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In the video, a corporate executive plans to bribe a government official to create a monopoly for his products by finding an excuse for banning his competitors. Along with unfairly targeting the executive’s business rivals, the government’s involvement in corporate fraud ultimately hurts everyone involved, including consumers, said Jessica Tillipman, the assistant dean for field placement and a professorial lecturer in law at the George Washington University Law School in Washington.
Citizens have a basic assumption that their tax money and other public resources will be used to provide the best products and services available. That system completely breaks down when the government selects a contractor or service provider who is not the most qualified.
“You’re going to be dealing with a higher cost for both consumers and potentially the government,” Tillipman said. “Oftentimes corruption leads to higher prices for goods and services than would be necessary if there was no corruption because usually the company is building the corrupt payments into their prices.” The customer, meanwhile, is usually getting poorer quality services or faulty products.
In addition to losing public trust and paying more, the government is “potentially shutting out competitors that could have more innovative products or services.”
The company also stands to lose if its collusion with the government ever becomes public.
“Companies that are engaging in corruption do get prosecuted and do get potentially blacklisted or disbarred,” Tillipman said. “That puts a company out of business, and even just the reputational damage could significantly harm a company to the point that they could go out of business. Those sorts of things could lead to the destruction of jobs for hundreds or thousands of people.”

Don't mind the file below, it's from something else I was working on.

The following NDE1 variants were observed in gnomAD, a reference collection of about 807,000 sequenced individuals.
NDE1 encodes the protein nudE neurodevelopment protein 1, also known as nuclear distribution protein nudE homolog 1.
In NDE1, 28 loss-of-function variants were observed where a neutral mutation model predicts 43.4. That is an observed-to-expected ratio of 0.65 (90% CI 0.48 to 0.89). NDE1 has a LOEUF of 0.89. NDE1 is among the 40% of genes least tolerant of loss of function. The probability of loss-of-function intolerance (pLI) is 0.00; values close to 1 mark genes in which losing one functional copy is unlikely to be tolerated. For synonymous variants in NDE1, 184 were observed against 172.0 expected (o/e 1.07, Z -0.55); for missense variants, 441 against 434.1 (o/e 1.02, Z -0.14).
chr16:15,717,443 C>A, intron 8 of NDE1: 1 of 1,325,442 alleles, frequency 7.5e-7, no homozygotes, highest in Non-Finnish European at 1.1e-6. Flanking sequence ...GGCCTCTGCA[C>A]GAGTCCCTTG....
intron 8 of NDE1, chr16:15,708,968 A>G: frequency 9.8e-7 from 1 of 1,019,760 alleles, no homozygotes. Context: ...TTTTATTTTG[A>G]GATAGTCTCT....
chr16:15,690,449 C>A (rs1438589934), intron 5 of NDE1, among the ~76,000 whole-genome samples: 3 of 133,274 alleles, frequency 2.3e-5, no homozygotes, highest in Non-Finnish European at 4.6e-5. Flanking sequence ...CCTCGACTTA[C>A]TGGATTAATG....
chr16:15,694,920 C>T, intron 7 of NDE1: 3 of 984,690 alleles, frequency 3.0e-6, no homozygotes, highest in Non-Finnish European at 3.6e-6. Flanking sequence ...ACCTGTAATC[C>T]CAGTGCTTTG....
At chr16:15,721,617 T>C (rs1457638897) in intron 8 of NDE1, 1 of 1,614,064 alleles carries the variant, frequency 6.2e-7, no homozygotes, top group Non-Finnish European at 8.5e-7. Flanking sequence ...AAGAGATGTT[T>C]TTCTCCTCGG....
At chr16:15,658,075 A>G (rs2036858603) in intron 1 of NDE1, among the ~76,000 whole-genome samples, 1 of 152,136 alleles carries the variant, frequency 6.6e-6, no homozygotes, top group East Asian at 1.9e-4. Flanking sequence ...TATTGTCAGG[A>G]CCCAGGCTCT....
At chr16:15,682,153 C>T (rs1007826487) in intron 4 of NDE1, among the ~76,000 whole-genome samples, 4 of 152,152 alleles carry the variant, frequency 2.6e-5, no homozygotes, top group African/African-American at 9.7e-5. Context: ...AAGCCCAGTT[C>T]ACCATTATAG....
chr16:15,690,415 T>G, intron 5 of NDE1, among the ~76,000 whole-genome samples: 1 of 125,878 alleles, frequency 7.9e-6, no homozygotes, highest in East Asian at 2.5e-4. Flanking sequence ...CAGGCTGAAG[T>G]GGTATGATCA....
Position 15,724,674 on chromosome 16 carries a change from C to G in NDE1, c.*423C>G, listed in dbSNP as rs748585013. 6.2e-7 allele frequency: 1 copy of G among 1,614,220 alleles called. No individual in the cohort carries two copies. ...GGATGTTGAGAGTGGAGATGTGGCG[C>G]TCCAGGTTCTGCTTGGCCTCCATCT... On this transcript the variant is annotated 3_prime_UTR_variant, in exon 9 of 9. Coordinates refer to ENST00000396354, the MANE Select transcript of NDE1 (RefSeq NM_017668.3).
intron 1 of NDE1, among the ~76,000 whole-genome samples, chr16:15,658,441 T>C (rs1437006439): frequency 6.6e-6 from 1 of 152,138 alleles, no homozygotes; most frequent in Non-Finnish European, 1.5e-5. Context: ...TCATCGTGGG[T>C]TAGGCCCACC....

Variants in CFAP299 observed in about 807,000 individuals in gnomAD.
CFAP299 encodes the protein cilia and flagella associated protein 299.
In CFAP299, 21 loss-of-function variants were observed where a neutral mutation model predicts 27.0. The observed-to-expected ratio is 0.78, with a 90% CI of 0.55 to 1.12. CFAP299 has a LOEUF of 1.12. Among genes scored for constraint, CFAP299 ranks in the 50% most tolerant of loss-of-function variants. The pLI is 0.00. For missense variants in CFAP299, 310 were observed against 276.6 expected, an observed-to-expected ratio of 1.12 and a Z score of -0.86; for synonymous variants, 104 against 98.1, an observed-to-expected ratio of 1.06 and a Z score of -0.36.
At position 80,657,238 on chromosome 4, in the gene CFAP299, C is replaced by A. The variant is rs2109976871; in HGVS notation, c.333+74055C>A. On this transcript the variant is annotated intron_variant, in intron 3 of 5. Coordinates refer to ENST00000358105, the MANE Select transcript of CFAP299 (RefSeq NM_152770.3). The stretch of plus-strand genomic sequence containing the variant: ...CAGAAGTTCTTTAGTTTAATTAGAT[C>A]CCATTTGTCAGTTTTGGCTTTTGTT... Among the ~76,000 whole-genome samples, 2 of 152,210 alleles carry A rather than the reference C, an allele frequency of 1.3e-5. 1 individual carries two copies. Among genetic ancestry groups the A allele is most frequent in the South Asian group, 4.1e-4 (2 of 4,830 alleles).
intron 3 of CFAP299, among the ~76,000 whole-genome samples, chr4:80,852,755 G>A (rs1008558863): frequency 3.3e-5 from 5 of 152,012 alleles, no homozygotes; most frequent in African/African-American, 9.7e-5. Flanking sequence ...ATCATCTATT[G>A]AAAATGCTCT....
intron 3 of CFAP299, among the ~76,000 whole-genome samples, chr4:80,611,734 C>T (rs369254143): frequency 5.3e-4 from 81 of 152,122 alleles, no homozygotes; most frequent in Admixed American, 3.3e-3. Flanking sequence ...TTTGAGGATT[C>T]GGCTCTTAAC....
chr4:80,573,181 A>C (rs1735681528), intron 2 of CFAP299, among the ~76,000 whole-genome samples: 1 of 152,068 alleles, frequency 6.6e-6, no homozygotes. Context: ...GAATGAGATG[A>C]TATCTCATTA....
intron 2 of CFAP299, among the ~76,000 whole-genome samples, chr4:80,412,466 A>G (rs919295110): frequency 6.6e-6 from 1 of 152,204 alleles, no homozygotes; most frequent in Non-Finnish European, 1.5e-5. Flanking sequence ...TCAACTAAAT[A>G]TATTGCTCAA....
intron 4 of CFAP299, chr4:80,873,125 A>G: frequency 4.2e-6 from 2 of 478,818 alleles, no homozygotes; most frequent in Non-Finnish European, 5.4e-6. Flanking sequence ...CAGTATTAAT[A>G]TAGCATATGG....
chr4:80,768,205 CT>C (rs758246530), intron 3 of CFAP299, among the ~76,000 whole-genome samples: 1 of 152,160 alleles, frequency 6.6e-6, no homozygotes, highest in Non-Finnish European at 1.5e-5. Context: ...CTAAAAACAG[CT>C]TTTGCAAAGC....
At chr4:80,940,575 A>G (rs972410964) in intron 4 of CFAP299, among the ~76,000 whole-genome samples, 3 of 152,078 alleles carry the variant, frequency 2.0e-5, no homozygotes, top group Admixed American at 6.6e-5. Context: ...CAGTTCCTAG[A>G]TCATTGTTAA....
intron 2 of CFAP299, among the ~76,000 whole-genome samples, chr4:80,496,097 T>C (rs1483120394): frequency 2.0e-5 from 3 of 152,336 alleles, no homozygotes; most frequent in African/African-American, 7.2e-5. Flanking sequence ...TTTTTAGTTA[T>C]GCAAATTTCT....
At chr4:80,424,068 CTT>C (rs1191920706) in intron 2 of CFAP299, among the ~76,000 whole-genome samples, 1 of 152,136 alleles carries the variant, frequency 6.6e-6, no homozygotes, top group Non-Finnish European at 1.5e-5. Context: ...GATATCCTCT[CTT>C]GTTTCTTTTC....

Government transparency mechanisms, such as offices that audit and publish contracts, procurements and spending, are essential to preventing this type of corruption. But they need to be independent and have adequate staff and resources to be effective, she said.
“We really depend on transparency, because that can at least flag for people how the government is making decisions and how the government is spending money so that they can then see whether or not something has happened.” Free media and protections for whistleblowers are also “powerful tools to unearth corruption.”
In the end, Tillipman said, everyone wants to have safe and functioning goods and services and to get the best value for the tax money the government collects.
Ask yourself: Can a whole community benefit when access is granted to only a few?
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